Serial.print(frequency);
    Serial.print(" Hz");*/
    Serial.print("Time: ");
    Serial.print(test/1000);
    Serial.println(" us");
    
  }
}
 

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The FlexPWM timer used by FreqMeasureMulti requires very fast edges. Your signal looks like it has rather slow rise/fall times, and that will not work with FreqMeasureMulti. Can you add a schmitt trigger on your input?
 
The FlexPWM timer used by FreqMeasureMulti requires very fast edges. Your signal looks like it has rather slow rise/fall times, and that will not work with FreqMeasureMulti. Can you add a schmitt trigger on your input?
Understood, I believe the encoder I was using for that test was a bit lower in resolution to what I am using now. Would a higher resolution encoder work better to use the library? At the moment I don't believe I have one around.

Quick questions
Yes, 5V from Teensy Vin pin to the encoder 5V VCC. And no, no external pullups to 3V3 - just use pinMode(5, INPUT_PULLUP); to enable Teensy's internal pullup.
Also further question on this, It appears we are using a different encoder now which according to the model information I found seems to have a line driver output instead of an npn as you mentioned in that thread. I assume this would prevent me from using it with just INPUT_PULLUP or can I still do this?
 

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Also further question on this, It appears we are using a different encoder now which according to the model information I found seems to have a line driver output instead of an npn as you mentioned in that thread. I assume this would prevent me from using it with just INPUT_PULLUP or can I still do this?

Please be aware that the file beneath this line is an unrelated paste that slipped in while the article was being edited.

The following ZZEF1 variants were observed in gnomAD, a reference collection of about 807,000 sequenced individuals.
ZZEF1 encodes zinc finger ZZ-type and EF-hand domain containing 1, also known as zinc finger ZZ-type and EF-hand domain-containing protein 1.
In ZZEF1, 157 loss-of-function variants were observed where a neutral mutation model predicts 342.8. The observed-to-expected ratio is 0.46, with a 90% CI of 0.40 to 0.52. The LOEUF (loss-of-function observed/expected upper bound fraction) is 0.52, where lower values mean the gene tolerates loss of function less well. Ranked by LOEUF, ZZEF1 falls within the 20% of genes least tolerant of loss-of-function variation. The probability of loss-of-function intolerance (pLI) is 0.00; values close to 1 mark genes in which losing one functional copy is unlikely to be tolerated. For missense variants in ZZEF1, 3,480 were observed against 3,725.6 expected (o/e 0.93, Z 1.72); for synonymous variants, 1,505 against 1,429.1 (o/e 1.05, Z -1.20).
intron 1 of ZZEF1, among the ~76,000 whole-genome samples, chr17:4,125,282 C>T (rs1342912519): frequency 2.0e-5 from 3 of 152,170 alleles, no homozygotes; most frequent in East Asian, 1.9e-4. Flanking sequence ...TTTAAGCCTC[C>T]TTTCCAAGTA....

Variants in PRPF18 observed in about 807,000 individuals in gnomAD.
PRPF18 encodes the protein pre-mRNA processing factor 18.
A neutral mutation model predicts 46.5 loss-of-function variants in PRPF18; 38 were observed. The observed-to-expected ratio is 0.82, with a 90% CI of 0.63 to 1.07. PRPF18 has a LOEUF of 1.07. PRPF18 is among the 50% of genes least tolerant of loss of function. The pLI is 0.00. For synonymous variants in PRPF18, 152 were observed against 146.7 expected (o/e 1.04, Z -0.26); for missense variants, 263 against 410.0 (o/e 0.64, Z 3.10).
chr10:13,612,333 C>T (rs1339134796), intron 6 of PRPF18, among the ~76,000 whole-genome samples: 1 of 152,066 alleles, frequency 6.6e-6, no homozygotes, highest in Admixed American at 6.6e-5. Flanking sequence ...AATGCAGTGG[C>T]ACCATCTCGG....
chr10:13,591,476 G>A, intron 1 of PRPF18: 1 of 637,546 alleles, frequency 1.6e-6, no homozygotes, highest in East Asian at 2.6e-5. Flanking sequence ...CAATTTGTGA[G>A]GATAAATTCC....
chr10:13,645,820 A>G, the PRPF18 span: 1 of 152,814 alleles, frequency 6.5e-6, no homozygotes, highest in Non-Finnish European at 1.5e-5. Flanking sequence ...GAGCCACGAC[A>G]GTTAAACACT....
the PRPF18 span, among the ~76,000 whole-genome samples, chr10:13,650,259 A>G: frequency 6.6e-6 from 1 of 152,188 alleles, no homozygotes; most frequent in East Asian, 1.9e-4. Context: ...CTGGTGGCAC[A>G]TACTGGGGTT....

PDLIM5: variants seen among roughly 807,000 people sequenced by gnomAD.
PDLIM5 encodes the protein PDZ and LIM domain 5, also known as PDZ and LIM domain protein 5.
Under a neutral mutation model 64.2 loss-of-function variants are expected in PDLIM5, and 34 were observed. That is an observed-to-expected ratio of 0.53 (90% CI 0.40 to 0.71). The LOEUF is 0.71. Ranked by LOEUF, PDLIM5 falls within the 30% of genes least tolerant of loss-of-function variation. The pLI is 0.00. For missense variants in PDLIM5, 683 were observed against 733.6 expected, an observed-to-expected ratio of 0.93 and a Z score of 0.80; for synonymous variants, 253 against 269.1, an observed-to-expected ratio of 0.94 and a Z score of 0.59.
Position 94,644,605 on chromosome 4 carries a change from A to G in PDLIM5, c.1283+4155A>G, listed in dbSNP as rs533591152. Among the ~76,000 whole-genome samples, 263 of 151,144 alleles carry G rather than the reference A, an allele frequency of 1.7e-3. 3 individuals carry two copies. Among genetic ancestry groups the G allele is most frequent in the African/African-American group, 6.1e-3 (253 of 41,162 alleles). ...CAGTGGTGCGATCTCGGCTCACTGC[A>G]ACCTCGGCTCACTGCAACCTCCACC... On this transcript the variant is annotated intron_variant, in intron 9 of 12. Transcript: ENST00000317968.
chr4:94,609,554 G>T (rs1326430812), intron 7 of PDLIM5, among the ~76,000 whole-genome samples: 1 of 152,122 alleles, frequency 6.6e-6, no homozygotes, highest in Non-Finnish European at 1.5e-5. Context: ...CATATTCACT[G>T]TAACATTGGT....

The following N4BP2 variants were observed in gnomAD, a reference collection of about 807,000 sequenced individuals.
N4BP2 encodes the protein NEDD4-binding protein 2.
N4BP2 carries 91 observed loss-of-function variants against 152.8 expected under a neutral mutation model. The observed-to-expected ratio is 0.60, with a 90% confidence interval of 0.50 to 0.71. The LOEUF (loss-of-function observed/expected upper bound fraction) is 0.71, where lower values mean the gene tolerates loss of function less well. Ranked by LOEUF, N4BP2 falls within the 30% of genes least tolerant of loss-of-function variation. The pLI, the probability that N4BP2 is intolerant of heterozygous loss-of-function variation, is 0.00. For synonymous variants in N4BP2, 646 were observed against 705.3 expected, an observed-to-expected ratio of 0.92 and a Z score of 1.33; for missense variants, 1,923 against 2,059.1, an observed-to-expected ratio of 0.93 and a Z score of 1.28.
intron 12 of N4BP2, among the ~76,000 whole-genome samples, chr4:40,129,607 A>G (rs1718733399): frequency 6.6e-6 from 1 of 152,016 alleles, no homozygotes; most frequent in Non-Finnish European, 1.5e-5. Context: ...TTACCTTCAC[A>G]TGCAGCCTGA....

From what I read on that page, the 200PPR GHS38-06G200BML5 apparently has an "RS422 (line driver)" interface. Since RS422 specifies differential signalling, I assume that A+/A- and B+/B- are the connections that we should use?
Still I would like to see a real datasheet to be certain what voltage levels, timing and pin connections are to be expected.

Paul

PS: found this on AliBaba:
1719847705363.png

I think the whole reference to RS422 is not relevant? I guess it just has a differential output driver.
 
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Follow-up: based on that last picture of the "L" differential output stage, it is highly possible that the output signal level will be close to VCC, in your case 5V. This 5V level will kill your Teensy so don't try that. Best is to check the output signal levels with an oscilloscope first to make sure.
As a side note: the "E" open collector output version apparently has a built-in pullup resistor to VCC. Again, if the VCC is 5V, that output pin will lifted to 5V which is lethal for your Teensy.
All said, it's probably better to look for a different rotary encoder that has clear documentation.

Paul